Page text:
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|کد مقاله||سال انتشار||مقاله انگلیسی||ترجمه فارسی||تعداد کلمات|
|19578||2012||13 صفحه PDF||سفارش دهید||12130 کلمه|
Publisher : Elsevier - Science Direct (الزویر - ساینس دایرکت)
Journal : Journal of Econometrics, Volume 167, Issue 1, March 2012, Pages 211–223
We propose a Conditional Autoregressive Wishart (CAW) model for the analysis of realized covariance matrices of asset returns. Our model assumes an autoregressive moving average structure for the scale matrix of the Wishart distribution. It accounts for positive definiteness of covariance matrices without imposing parametric restrictions, and can be estimated by Maximum Likelihood. We also propose extensions of the CAW model obtained by including a Mixed Data Sampling (MIDAS) component and Heterogeneous Autoregressive (HAR) dynamics for long-run fluctuations. The CAW models are applied to realized variances and covariances for five New York Stock Exchange stocks.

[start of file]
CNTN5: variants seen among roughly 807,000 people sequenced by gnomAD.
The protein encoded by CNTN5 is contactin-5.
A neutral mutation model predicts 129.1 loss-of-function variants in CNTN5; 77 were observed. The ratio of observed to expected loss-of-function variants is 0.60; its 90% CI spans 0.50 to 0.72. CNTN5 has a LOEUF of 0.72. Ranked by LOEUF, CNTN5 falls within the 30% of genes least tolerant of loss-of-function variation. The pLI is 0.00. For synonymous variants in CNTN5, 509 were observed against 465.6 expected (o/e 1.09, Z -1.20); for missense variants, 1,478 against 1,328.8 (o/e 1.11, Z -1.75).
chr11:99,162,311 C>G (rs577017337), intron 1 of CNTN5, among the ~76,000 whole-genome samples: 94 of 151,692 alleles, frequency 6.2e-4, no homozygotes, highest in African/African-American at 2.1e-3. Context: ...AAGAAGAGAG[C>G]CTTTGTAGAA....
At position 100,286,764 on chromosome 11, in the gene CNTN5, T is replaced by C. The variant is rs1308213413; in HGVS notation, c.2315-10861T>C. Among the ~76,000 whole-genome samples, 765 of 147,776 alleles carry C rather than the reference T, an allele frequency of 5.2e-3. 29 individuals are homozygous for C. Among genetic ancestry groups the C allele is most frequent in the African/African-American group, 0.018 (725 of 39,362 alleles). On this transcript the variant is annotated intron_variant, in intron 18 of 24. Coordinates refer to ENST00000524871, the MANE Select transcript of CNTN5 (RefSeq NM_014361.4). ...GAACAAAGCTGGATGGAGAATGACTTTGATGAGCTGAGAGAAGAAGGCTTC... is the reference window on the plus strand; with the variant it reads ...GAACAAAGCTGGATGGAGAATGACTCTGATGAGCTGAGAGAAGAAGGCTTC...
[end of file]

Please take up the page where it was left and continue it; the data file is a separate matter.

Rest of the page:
Multivariate modeling and forecasting the variances and covariances of asset returns play a prominent role in many practical situations, ranging from portfolio allocation and asset pricing to risk assessment. In practice, the covariance matrix of asset returns is not directly observable and most existing models treat it either as measurable given past observations, such as multivariate GARCH models introduced by Bollerslev et al. (1988), or as an inherently latent quantity, such as multivariate stochastic volatility (SV) models introduced by Harvey et al. (1994). Excellent overviews on multivariate GARCH and SV models can be found in Bauwens et al. (2006) and Asai et al. (2006), respectively. An alternative approach of covariance estimation and modeling, which has attracted substantial interest in recent years, uses high-frequency return data to construct the realized variances and covariances as precise estimates for the variances and covariances of low-frequency returns (see e.g., Andersen et al., 2003 and Barndorff-Nielsen and Shephard, 2004). As such, the observed realized variances and covariances can be modeled directly as advocated, for example, by Andersen et al. (2003). Multivariate models for the realized covariance matrix should satisfy two important requirements, namely that the predicted covariance matrices remain positive definite, and, second, that the specification is parsimoniously parameterized yet empirically realistic with the ability to account for the strong serial dependence typically observed for realized variances and covariances. Pioneering multivariate approaches to model the dynamics in the realized covariance matrix are found in Gourieroux et al. (2009), Jin and Maheu (2009), Chiriac and Voev (2011), and Bauer and Vorkink (2011). The specification proposed by Gourieroux et al. (2009) extends the Wishart distribution of the sample covariance for i.i.d. multivariate Gaussian random variables by allowing the multivariate Gaussian random variables to be serially correlated. Under the resulting Wishart Autoregressive (WAR) process the realized covariance has a transition distribution which is non-central Wishart with a non-centrality parameter depending on lagged covariances and a fixed scale matrix. As such the WAR model naturally accommodates the positive definiteness of predicted covariance matrices without any parametric restrictions. The approach followed by Jin and Maheu (2009) also relies on a Wishart transition distribution, but assumes a central rather than a non-central Wishart distribution, and decomposes its scale matrix into multiplicative components, which are driven by sample averages of lagged realized covariance matrices. In order to account for the positive definiteness, the approaches of Chiriac and Voev (2011) and Bauer and Vorkink (2011) use appropriate transformations of the covariance matrix. The former approach is based upon a Cholesky decomposition of the covariance matrix and assumes fractionally integrated processes for the individual elements of the Cholesky factor. The latter approach transforms the covariance matrix by using the matrix logarithm function and specifies the individual elements of the transformation as functions of latent factors driven by lagged volatilities and lagged returns. In the present paper, we adopt a novel conditional autoregressive Wishart (CAW) approach and propose a new flexible dynamic model for the realized covariance matrix of asset returns. Its baseline specification assumes a simple autoregressive moving average structure for the scale matrix of the Wishart distribution allowing to account for complex serial dependences in the variances and covariances. In particular, under our model the predicted covariance matrix depends on lagged covariance matrices as well as on their lagged predictions. As such it presents a dynamic generalization of the models proposed by Gourieroux et al. (2009) and Jin and Maheu (2009), where the predicted covariance matrix is specified as a function of lagged covariances only. Our model also accounts for symmetry and positive definiteness of the predicted covariance matrices without imposing parametric restrictions and can easily be estimated by Maximum Likelihood (ML). In addition, it allows us to derive in a straightforward manner conditions for stationarity and other important time series properties. A further advantage of our approach is that its baseline specification can easily be generalized. The extensions of the baseline CAW model we explore, are specifically designed to capture the long-run fluctuations in the variances and covariances. For this purpose, we combine the CAW specification with the mixed data sampling (MIDAS) approach of Ghysels et al., 2005 and Ghysels et al., 2006 and, alternatively, with a heterogeneous autoregressive (HAR) component as used by Corsi (2009) and Bonato et al. (2009). The rest of the paper is organized as follows. In Section 2 we introduce the baseline CAW model and discuss its stochastic properties. Extensions of the baseline model are proposed in Section 3. The empirical application to NYSE data is presented in Section 4. Section 5 concludes. The proofs are provided in the Appendix.